Over the holidays, Phil and I rented a few movies on cable.
Here’s what we saw, and what I thought of them 🙂
Phil and I were looking forward to seeing this, not enough to pay to see it in the theatre, but looking forward nonetheless.
We both enjoyed it.
The movie had no pretensions. It knew what it was and played to those strengths. It was a great “live action” version of some of our favourite anime.
We also appreciated the “tips of the hat” to what’s gone before. Easter eggs are hidden throughout for the geek who has memorized some of the best lines from the science fiction hits of the 70’s and 80’s. Phil and I enjoy films full of homage, like Shawn of the Dead.
I put live action in quotes because I know there was a lot of CGI and green screen work, but the effect was impressive.
I agree with K.M. Weiland in her post series of months ago when she had seen the movie in the theatre: Mako’s character arc and journey were the most interesting. The wounded warrior and the old war horse were okay, but offered nothing new or riveting for the story.
How the three characters were tied together was interesting, however, and something to be remembered for future storytelling efforts of my own. Coincidences must be significant to the plot to transcend the basic technique.
Phil and I had both enjoyed District 9 and were again looking forward to seeing Elysium.
We both enjoyed it, but were a bit disappointed.
The protagonist is much more self-centred in this film than in District 9, to the point that he actually walks out on the woman he once loved, and still might, and her child, leaving them in dire circumstances.
Yes, he’s dying, but there’s no way to paint such douchebaggery with a heroic brush.
As a result, his sacrifice rings a little hollow in the end because even he knows he deserved it.
Also, the villain was a little one-dimensional. There was insufficient backstory to justify her stance in opposition to both her government and the earthbound poor and nothing to engage the viewer. In that sense, District 9 was much more satisfying.
The concept was intriguing, though. Lesson for writing: an intriguing concept isn’t enough.
We thought the original Kick Ass was, well, kick ass, but we’d heard some less than positive things about the sequel and were uncertain about it.
It wasn’t bad, but the original movie ended with both Kick Ass and Hit Girl settling into a “normal” life, so discovering that Mindy was still obsessed with crime-fighting didn’t make sense.
For her storyline, if the writers had started off with her failed attempts to fit in with the popular girls and then introduced the Motherf@#&%r’s vendetta, it might have been more satisfying. If she honours her promise to Marcus from the outset and only breaks it when forced to, it would have been more consistent for her character.
Having her prowl the night streets and only agree to Marcus’s rules “for Daddy’s sake” doesn’t make sense. Big Daddy would have wanted Hit Girl to continue the crusade regardless. Her refusal to help Kick Ass when the Mother f@#&%r threatens him also doesn’t make sense.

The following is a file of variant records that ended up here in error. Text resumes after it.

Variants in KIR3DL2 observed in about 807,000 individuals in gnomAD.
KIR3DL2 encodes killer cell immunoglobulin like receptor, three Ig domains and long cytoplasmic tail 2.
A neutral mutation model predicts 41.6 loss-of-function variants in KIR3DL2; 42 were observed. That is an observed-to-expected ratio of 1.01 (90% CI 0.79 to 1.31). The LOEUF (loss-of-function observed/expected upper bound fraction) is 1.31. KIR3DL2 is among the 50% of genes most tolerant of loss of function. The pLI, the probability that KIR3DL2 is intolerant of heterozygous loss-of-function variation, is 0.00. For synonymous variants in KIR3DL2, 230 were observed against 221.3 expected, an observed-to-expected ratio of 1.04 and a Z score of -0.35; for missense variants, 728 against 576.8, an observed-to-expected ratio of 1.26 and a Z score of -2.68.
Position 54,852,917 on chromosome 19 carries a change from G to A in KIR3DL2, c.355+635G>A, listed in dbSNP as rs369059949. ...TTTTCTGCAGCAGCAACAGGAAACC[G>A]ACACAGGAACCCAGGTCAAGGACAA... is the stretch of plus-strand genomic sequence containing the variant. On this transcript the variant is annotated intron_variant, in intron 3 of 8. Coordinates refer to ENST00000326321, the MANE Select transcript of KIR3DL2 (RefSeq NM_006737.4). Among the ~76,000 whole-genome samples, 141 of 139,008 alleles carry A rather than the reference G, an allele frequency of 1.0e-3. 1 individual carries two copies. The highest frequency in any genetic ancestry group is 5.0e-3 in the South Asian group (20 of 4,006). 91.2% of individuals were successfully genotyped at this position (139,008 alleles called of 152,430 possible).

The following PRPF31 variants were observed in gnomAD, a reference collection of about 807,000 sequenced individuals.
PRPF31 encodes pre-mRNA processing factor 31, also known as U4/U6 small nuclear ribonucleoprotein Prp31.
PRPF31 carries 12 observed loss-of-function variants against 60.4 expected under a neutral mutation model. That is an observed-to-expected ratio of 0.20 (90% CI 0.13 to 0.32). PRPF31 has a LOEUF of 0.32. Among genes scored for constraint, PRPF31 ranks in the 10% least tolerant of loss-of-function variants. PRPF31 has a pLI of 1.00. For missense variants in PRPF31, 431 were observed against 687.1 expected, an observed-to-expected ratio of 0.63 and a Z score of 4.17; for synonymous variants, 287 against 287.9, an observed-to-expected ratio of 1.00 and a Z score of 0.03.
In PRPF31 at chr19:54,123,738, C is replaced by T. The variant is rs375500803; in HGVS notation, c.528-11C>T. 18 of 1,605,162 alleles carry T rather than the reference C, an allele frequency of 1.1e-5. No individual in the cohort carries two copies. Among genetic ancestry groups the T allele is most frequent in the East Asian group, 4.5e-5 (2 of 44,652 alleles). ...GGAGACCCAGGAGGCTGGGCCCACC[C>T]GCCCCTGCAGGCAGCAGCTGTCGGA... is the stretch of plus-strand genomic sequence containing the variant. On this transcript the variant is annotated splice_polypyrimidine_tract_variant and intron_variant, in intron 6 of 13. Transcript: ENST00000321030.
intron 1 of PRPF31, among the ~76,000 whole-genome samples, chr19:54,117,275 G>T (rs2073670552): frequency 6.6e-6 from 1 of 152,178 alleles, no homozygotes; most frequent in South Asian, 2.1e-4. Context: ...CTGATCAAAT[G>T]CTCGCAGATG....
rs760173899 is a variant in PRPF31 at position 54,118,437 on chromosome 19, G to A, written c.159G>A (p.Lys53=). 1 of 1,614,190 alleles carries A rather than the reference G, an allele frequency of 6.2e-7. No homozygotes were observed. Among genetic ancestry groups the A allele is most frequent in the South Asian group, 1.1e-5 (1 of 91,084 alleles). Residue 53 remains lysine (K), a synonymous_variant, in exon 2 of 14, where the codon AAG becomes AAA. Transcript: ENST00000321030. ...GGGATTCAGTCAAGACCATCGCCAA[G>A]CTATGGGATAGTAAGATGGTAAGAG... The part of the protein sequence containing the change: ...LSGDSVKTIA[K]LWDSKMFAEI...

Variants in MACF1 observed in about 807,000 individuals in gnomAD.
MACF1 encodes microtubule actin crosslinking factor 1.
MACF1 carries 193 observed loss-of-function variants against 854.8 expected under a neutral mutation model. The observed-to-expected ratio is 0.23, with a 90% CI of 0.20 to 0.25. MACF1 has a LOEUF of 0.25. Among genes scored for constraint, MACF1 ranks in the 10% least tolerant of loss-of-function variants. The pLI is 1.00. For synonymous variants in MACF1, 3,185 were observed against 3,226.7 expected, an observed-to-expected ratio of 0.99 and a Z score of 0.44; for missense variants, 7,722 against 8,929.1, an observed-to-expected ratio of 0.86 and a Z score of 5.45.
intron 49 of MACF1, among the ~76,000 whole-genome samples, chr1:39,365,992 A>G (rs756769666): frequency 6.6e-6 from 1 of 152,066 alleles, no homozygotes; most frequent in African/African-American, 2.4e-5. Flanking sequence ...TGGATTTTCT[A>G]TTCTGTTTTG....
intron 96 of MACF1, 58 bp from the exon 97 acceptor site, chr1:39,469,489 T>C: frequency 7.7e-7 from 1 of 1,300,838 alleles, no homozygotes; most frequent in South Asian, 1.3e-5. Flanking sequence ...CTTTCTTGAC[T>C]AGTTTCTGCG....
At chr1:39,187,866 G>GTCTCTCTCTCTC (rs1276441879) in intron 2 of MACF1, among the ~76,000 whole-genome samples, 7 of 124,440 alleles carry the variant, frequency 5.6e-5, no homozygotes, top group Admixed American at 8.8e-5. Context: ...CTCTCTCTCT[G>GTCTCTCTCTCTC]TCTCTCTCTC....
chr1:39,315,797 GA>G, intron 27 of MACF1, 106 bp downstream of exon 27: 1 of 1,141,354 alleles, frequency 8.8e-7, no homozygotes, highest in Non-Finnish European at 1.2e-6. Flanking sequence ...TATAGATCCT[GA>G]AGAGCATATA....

The protagonist and the antagonist’s character arcs were less interesting. Kick Ass was simply interested in taking up the mantle again and fulfilling the promise of his name. This switched to a wish to survive the antagonist’s “more money than brains” approach.
The antagonist, though understandably seeking revenge, was such a tête soufflé that it was hard to take him seriously. His complete lack of awareness and resulting ineptitude (case in point, the “fertilizer bombs”) was irritating at best.
Lots of lessons here, most having to do with character consistency, dynamic storylines for all, and creating an antagonist that inspires fear rather than ridicule.
I’d watched this movie on my way out to Vancouver in October, but was willing to sit through it again when Phil rented it.
We were skeptical about “rebooting” the franchise. Phil in particular, because the original Star Trek (the series, not the movies) was part of his childhood. He was pleasantly surprised by the story and the performances in the first movie, though he was distinctly uncomfortable with the Spock/Uhura romance. In his mind, Uhura belonged with Scottie.
Again, Into Darkness surprised. The reinvention of Khan and putting the whole series of events before the crew’s “five-year mission” was, well-done, overall.
I appreciate J.J. Abrams’ vision with respect to remaking the movies for a new generation. He definitely makes a good movie with a balance of action and character development.
In this last case, the lessons are all positive in nature.
Have you watched any movies recently from which you drew lessons about the art or craft of writing? Do you agree or disagree with my assessments of the above movies? Please share in the comments below.